Is she right? The answer is that she may be half right. There is an argument to be made that American Jews who find little meaning in conventional theology and religious practice in Judaism found deep meaning in preserving the meaning of the Holocaust. We have built major Jewish institutions, memorials and produced tomes of literature, art, movies, plays, chairs in Holocaust studies, and mandated state requirements to teach the Holocaust. In the public life of our nation we have excelled in reminding America about what the Nazis did to us and others. We have reminded America and the world that memory matters if we want to protect it from another Holocaust in the future.

On the other hand, she senses that we Jews focused so much on our own suffering that we lost sight of the suffering of others. In our attempt to preserve our own story, we [have] lost sight of other tragedies that annihilated other peoples, such as genocides in Cambodia, Rwanda, Bosnia and so on? Is she implying that we forgot that hatred is the same whenever it strikes a people? This is where I question Portman and others like her who imply that Jews in America, world Jewry and Israel are exclusive rather than being inclusive of other people’s suffering at the hands of genocidal maniacs in a Post Holocaust world. The fact that young people like our own Portman believe we have hoarded our own suffering contending that no one else’s suffering matches ours is troubling to say the least. It reflects a generation gap that is growing in America.

We should, in fact, be careful about how we present the Holocaust. If all we talk about is the number six million and cannot connect the lessons of the Holocaust with other tragedies or disqualify them because they did not [lose] as many people as we did then we do, in fact, have a problem. If we as a community only think about Jewish identity in terms of what it means to suffer persecution, then we do have a problem. If we cannot see our own historic trauma in a broader context of how we can make a difference in the lives of suffering people, then we do have a problem. Finally, if we close our conscience to our moral responsibility to alleviate the suffering of others who are persecuted or threatened with annihilation, then we do have a problem. If there is any truth to these situations then we do have a responsibility to atone.For the Torah says; “ you shall not stand idly while your neighbor bleeds.”

We at Congregation Beth Yam have done our part by securing a Holocaust Torah from Czechoslovakia and displaying it in a specially built enclave for all to see. Each year we conduct what I believe to be a special Yom Hashoah commemoration. We try to teach our young people by having them interact with survivors and children of survivors.Many of us who grew up in larger metropolitan areas have had plenty of education and exposure to Holocaust history. Yet, just think about our youth living here in the low country. How much do they know? Is it at all a relevant part of their Jewish identity? 

Elie Wiesel tells the story about his trip with other Jewish leaders to Cambodia to commemorate the genocide there. “I saw what the Cambodia refugees looked like when they arrived in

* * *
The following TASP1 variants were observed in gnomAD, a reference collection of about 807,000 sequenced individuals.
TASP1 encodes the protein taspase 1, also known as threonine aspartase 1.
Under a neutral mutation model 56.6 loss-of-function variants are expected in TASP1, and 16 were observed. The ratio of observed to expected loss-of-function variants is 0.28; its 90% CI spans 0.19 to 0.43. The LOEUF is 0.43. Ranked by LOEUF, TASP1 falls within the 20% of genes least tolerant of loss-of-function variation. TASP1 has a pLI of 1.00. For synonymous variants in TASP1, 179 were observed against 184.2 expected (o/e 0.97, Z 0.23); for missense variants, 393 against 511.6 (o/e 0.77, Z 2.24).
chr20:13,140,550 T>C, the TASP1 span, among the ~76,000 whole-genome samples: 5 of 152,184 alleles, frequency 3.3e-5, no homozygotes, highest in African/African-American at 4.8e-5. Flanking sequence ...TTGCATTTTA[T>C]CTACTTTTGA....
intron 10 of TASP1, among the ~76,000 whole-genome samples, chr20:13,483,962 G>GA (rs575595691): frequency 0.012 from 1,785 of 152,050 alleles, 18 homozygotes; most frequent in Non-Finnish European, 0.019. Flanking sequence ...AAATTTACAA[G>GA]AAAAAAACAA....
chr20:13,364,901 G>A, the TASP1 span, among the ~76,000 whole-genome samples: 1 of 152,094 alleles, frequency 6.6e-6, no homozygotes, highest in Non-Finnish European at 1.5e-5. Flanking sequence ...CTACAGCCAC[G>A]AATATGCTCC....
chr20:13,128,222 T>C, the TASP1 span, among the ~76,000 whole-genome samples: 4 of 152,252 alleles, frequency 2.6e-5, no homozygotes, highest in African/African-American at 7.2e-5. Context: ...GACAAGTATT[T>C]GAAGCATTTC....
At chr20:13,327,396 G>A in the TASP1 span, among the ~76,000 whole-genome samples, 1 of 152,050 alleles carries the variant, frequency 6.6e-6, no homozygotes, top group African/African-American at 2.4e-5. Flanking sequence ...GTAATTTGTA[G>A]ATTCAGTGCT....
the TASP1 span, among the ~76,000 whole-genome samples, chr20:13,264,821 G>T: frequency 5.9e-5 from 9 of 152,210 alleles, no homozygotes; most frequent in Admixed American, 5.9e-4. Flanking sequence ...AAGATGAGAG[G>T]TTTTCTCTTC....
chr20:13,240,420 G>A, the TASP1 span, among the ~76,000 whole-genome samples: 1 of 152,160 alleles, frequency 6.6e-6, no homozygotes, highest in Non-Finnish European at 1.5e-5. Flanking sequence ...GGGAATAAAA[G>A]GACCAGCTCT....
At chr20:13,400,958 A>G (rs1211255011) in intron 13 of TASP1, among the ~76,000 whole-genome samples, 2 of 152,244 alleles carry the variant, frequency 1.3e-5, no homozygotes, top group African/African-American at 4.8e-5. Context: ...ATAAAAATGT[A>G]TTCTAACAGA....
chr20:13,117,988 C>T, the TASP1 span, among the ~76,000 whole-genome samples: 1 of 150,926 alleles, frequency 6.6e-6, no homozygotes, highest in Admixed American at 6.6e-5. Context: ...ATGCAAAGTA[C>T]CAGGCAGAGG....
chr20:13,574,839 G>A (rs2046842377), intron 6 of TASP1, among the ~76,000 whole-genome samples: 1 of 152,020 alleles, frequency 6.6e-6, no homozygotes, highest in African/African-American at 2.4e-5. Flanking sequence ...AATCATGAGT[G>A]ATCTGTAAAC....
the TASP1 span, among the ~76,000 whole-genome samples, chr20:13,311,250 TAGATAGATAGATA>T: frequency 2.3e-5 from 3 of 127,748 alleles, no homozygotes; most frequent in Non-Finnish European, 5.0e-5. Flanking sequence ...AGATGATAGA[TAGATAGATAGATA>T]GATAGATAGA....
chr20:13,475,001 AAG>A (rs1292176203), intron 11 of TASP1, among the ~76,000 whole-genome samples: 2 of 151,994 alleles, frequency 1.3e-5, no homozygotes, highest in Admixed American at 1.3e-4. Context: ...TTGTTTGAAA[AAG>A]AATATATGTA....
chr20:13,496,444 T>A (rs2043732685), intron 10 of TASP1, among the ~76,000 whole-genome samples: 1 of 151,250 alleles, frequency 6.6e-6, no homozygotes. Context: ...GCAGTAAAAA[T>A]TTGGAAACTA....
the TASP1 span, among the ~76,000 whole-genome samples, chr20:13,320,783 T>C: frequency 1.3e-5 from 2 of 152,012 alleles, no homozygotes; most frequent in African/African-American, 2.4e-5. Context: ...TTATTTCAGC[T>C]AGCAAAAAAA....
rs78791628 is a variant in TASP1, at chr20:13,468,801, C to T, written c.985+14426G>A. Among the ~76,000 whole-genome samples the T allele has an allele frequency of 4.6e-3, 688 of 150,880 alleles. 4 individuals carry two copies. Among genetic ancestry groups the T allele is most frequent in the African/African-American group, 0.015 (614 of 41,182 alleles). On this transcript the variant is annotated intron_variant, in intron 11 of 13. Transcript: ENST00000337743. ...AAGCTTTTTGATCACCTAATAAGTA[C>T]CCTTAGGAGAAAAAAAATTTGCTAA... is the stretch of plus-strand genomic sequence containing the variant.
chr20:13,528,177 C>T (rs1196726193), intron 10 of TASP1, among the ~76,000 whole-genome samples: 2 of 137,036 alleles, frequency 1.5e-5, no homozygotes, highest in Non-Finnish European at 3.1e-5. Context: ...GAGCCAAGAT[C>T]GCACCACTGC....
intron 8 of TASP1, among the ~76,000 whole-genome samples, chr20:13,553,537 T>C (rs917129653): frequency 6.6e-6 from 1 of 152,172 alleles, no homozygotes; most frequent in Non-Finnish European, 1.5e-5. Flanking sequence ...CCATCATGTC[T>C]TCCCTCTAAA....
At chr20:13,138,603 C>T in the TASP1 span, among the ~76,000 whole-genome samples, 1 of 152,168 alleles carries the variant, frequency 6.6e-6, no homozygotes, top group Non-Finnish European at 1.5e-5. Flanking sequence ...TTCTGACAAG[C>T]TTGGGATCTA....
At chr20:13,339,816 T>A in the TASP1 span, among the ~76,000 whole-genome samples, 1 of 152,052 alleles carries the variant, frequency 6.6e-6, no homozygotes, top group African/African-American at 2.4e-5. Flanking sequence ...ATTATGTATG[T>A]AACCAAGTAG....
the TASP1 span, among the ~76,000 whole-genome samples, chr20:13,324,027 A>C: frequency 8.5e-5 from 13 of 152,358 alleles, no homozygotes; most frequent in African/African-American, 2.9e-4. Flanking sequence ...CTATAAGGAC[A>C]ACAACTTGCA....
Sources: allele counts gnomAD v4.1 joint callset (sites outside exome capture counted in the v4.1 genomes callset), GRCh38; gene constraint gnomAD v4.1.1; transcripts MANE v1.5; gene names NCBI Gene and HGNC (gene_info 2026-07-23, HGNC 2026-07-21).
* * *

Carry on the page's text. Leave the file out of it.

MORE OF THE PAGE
Thailand-walking skeletons with somber eyes and crazy with fear…..”How could a Jew like myself stay at home and not go to the help of an entire people?” Some will say to me.” Yes, when you needed help nobody came forward. True it is because  nobody came forward to help  me that I felt it my duty to  help these victims.”
 This is what Judaism is all about. We know what it means to be a stranger from Biblical times to today.[Surely] it is our right to say that the Cambodian suffering [does not] “equal”
 Auschwitz. Auschwitz, according to Wiesel, “should serve as frame of reference but that is all.” Yet that distinction does not exempt us from responding to assist peoples who are victims of genocide. This is why the current crisis in the Middle East the result of a refugee crisis in Europe approaching a million searching for safety is a test for Europe’s moral compass. I suppose the same can be said of us in America in dealing with 11 million illegal migrants across our own border.

What I suspect Portman and her generation do not understand is that through our own experience as Jews facing anti-Semitism we can better empathize with the universality of suffering around the world. Our job is to teach our young and the community about the Holocaust not just to promote our own status as victims but to teach the world that we all have a duty to help and to not turn a blind eye to others who call out for help. As the Torah says, “You shall remember that you were strangers in the land of Egypt.” We have lived by that ethos.

One of our congregants has recently donated these artifacts from the concentration camps. I am showing you a suitcase belonging to a twenty-four year old man who died in Dachau. This next artifact I hold before everyone is a shirt from the camps with a Jewish star and others items. My hope is that we can display them for our young and for the community at large so that in the low country we too can do our fair share to educate our entire community about the Holocaust for years to come. This is not exploiting ourselves as victims but performing a mitzvah.

My prayer is that Ms. Portman will rethink her statement and that those of her generation who may identify with her thoughts will see more clearly that our way of teaching the world to reject hatred and to reject genocide and to reject apathy is part of our duty as Jews to perform Tikkun Olam  [and] repair the world.

The Yom Kippur I knew growing up in Baltimore.

The older I get my memory becomes clearer about my own past. Yom Kippur has concluded and I hope I have been sealed into the Book of Life. This most recent newspaper column retells some of those memories and discusses a few of the core values I cherish about this most sacred of days.

Have a Shana Tova a Happy New Year.